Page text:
We focus on the generative one and will briefly review the relevant work below. Recently, sparse representation has been successfully applied to visual tracking (e.g., [912]). The trackers based on sparse representation are under the assumption that the appearance of a tracked object can be sparsely represented by a over-complete dictionary which can be dynamically updated to maintain holistic appearance information. Traditionally, the over-complete dictionary is a series of redundant object templates, however, a set of basis vectors from target subspace as dictionary is also used because an orthogonal dictionary performs as efficient as the redundant one. In visual tracking, we will call the L1 regularized object representation “sparse coding” (e.g., [9]), and the L0 regularized object representation “sparse counting” (e.g., [13]). [9] has been shown to be robust against partial occlusions, which improves the tracking performance. However, because of using redundant dictionary, heavy computational overhead in L1 minimization hampers the tracking speed. Very recent efforts have been made to improve this method in terms of both speed and accuracy by using accelerated proximal gradient (APG) algorithm [14] or modeling the similarity between different candidates [11]. Different from [9], IVT [5] incrementally learns a low-dimensional PCA subspace representation, which adapts online to the appearance changes of the target. To get rid of image noise, Lu et al. [15] introduce L1 noise regularization into the PCA reconstruction, which is able to handle partial occlusion and other challenging factors. Pan et al. [13] employs L0 norm to regularize the linear coefficients of incrementally updated linear basis (sparse counting) to remove the redundant features of the basis vectors. However, sparse counting will cause unstable solutions because of its nonconvexity and discontinuity. Although the sparse coding has good performance, it may cause biased estimation since it penalizes true large coefficients more, and produce over-penalization. Consequently, it is necessary to find a way to overcome the disadvantages of spare coding and sparse counting.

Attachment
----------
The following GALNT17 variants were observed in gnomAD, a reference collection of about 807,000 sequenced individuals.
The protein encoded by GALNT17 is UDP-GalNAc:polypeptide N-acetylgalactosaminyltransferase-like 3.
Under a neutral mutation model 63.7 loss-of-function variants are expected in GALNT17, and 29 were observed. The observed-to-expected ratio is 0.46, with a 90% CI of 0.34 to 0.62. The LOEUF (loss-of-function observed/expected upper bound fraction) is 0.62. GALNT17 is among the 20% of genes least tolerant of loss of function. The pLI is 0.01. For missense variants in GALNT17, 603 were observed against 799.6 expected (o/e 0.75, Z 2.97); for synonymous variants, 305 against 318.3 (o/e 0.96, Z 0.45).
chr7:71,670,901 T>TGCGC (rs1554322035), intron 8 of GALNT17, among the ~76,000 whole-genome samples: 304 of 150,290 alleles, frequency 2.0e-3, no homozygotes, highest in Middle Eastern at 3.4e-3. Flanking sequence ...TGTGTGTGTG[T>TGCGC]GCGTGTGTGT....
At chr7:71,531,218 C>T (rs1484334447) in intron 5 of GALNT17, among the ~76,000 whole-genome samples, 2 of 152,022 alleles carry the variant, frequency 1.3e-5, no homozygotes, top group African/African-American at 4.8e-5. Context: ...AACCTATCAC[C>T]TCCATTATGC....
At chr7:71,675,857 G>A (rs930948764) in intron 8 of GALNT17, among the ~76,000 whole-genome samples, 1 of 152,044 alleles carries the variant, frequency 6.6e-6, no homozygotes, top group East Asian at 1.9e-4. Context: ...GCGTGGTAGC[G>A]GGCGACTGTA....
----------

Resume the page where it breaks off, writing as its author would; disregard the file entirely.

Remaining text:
From the viewpoint of statistics, sparse representation are similar to variable selection when the dictionary is fixed. Besides, it is a bonus that Bayesian framework has been successfully applied to select variables by enforcing appropriate priors. Laplace priors were used to avoid overfitting and enforce sparsity in sparse linear model, which derives sparse coding problem. To further enforce sparsity and reduce over-penalization of sparse coding, each coefficient is assigned with a Bernoulli variable. Therefore, a novel model interpreted from a Bayesian perspective by carrying maximum a posteriori (MAP) is proposed, which turns out to be a combination of sparse coding and counting model. In paper [16], Lu et al. also consider L0 and L1 norm under a Bayesian perspective. However, considering that there will be occlusion, illumination change and background clutter in tracking, we restraint the noise with L1 norm. Besides, We use an orthogonal dictionary to replace the redundant object templates as similar atoms of redundant templates may cause mistake of coefficients and huge computational complexity. Lastly, We propose closed solution of regularization which is the combination of the L0 norm and L1 norm. However Lu et al. obtain the approximate solution by using he Greedy Coordinate Descent.